The American Civil Liberties Union has dropped its lawsuit against Congressman Paul Gosar, saying it now has assurances that constituents won’t be blocked from posting comments he does not like on his Facebook page.
Attorney Darrell Hill acknowledged Friday that Gosar had changed his policies about how the page will operate before the ACLU filed suit in April on behalf of J’aime Morgaine of Kingman and Paul Hamilton of Prescott. And, in fact, Gosar already had removed the block he had previously placed on the pair.
But Hill said the policy change, by itself, did not guarantee future open access, something he now says the congressman, through his chief of staff, has now provided.
Still, Hill told Capitol Media Services that his organization intends to monitor how Gosar and his staff run the web page to ensure that the First Amendment rights of constituents are not violated in the future. And if there are problems, he said, there will be a third lawsuit.
Morgaine filed suit last year after she was blocked by Gosar, a move that that Thomas Hungar, the general counsel for the U.S. House of Representatives, said was taken because of “her use of profanity.” That first lawsuit led to her — and others — being unblocked and the lawsuit was dropped.
It also led in February to Gosar adopting a new policy setting out guidelines for what is and is not acceptable and what comments will be removed. It also said that repeated violations could result in being blocked.
Hill argued that still left Gosar far too much leeway in deciding who gets to comment and who does not.
So the ACLU filed another lawsuit in April asking U.S. District Court Judge David Campbell to block the congressman and his aides from restricting future posts. Hill also argued that the fear of some people of getting blocked for something they say “creates a hostile atmosphere for free expression” on the Facebook page and chills and deters them from speaking their minds.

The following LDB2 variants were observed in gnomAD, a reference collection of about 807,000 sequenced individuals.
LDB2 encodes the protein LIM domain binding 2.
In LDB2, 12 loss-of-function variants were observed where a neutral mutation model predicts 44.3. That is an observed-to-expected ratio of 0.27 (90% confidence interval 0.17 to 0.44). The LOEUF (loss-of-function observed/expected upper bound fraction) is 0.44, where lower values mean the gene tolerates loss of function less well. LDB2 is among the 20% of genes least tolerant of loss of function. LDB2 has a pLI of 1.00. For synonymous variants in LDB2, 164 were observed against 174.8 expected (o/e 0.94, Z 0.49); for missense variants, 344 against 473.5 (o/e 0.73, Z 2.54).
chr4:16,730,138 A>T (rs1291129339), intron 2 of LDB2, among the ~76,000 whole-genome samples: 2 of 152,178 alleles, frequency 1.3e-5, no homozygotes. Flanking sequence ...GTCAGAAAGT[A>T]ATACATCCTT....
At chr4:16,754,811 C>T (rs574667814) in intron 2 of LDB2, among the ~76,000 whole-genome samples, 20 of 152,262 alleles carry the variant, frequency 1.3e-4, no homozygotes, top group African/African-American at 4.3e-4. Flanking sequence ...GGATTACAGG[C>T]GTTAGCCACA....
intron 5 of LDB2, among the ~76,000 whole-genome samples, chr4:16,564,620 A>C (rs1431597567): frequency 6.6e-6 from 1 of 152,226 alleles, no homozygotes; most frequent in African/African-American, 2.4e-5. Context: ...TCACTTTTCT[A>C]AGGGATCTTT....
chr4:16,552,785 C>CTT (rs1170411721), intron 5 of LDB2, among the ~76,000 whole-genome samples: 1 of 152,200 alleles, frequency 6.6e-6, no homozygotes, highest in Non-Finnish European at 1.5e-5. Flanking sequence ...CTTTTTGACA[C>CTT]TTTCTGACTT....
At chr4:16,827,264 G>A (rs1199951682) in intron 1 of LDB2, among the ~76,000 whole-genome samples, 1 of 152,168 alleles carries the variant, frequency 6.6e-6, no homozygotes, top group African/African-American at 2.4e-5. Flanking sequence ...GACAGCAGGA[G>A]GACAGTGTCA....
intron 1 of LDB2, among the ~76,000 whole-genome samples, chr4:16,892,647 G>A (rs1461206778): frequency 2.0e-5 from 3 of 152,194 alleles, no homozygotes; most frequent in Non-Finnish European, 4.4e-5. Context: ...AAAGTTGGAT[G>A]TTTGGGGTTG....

Hungar, in response, asked Campbell to toss the lawsuit, saying the fact that neither Morgaine nor Hamilton was still being blocked gave them no standing to sue.
The dismissal filed in federal court Friday, avoids the need for the judge to weigh in.
What changed, Hill said, is a declaration filed with the court in June by Thomas Van Flein, Gosar’s chief of staff.
“He kind of outlined a lot of the things we were hoping to achieve and we feel like we did achieve with the lawsuit,” Hill said.
“They’re not going to hide or delete comments based on viewpoints,” he said. “They’re not going to block users based on isolated violations of the policy.”
Most significant is what Hill says is an acknowledgment that the congressman’s Facebook page is a public forum.
Van Flein’s declaration does not actually say that. But it does say that the staffers who are responsible for managing the page “have been instructed that in implementing this policy they must do so in a viewpoint-neutral, non-discriminatory manner.”
It also spells out that users may be blocked only for repeated violations, “and only for a limited period of time.”
“We feel those are very concrete changes, concrete statements … that weren’t part of the written part of the policy that was public,” Hill said.
That public declaration, he said, is crucial.
“We’re going to monitor how the policy is enforced,” he said. “We’re going to pay attention to what the public tells us about what happens in that public forum going forward.”
He also said that “public declaration that they weren’t going to discriminate.
Friday’s dismissal means there will be no ruling, at least not in this case, of whether a public official’s Facebook page is a public forum, limiting the ability of the host to decide who can and cannot participate.
In May, a federal judge in New York declared that President Trump’s Twitter account is a “public platform” which is subject to First Amendment protections, barring the president from blocking people from posting to that account. A notice of appeal has been filed in that case.